You know, we think of income as one’s earnings. It’s a consequence of actions. It’s a consequence of work, time spent producing services or materials for a fixed fee. Wealth, on the other hand, is a stock of assets. These are things that are happening while you’re sleeping. Interest that’s being earned on investments, on trust accounts, or you’re receiving rents, or you’re receiving mortgage payments from some other individual for property that you own or control. Wealth is the thing that gives individuals a reserve, a cushion. Wealth is a thing that makes it possible for you to move into a neighborhood with high amenities, to put your kids in private primary and secondary schools, elite colleges, if you choose.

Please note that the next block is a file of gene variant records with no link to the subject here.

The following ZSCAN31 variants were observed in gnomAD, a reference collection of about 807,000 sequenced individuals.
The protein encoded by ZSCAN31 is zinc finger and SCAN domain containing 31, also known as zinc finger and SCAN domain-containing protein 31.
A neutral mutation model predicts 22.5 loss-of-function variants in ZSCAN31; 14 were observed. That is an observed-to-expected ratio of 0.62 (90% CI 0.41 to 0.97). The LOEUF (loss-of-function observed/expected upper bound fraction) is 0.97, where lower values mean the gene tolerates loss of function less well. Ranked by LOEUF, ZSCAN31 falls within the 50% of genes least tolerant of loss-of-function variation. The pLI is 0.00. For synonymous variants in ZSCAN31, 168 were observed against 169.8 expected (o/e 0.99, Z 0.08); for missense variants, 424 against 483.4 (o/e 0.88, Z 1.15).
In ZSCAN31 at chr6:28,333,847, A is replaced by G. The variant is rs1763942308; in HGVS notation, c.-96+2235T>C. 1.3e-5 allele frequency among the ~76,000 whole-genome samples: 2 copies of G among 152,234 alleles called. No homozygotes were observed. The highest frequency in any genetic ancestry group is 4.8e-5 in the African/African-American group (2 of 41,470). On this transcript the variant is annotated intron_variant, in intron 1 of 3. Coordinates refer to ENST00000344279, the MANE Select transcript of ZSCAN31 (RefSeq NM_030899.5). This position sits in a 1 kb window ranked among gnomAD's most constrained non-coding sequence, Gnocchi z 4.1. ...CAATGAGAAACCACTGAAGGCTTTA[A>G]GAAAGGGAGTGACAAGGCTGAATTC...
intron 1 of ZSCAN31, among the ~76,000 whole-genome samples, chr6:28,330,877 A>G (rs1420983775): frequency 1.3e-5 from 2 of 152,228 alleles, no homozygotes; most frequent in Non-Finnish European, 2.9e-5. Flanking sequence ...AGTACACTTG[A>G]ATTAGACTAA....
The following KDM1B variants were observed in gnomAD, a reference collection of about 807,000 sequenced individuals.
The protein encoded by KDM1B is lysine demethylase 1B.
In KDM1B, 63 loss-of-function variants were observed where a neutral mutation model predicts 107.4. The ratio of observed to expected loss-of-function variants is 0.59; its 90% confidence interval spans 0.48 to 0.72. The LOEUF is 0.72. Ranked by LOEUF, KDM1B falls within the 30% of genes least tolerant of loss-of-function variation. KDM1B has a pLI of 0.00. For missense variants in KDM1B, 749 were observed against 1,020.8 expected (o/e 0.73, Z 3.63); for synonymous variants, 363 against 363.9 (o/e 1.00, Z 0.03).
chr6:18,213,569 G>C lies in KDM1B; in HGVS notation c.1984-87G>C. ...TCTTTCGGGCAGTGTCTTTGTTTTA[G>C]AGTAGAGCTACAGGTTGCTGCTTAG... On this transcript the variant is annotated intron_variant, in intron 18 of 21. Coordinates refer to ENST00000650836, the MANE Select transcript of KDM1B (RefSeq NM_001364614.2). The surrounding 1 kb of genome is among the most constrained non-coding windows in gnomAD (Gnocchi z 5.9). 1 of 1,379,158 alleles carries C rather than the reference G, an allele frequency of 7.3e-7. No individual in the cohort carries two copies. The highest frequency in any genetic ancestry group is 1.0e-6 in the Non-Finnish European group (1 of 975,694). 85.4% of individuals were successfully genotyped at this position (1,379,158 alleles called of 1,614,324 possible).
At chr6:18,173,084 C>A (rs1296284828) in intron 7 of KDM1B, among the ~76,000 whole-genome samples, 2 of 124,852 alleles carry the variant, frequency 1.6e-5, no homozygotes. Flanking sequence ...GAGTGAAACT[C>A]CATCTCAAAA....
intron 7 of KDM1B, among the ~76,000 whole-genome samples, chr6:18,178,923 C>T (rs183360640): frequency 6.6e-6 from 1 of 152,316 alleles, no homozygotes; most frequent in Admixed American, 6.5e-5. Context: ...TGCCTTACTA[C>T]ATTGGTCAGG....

Wealth is a thing that makes it possible for individuals to obtain high-quality medical care or legal counsel. Wealth is a thing that allows you, if you choose, to participate in the political process. We know that it’s really important in this country to not only vote, but if you’re able to, also support the political process financially. But not everybody can afford to do that. You know, it’s mostly people who have wealth who have this opportunity to participate in our political life in this way.

Fabiola Cineas

And relatedly, should there be a cap, an income cap on reparations? Like should the wealthiest Black Americans who would be eligible for reparations be [considered]?

Kirsten Mullen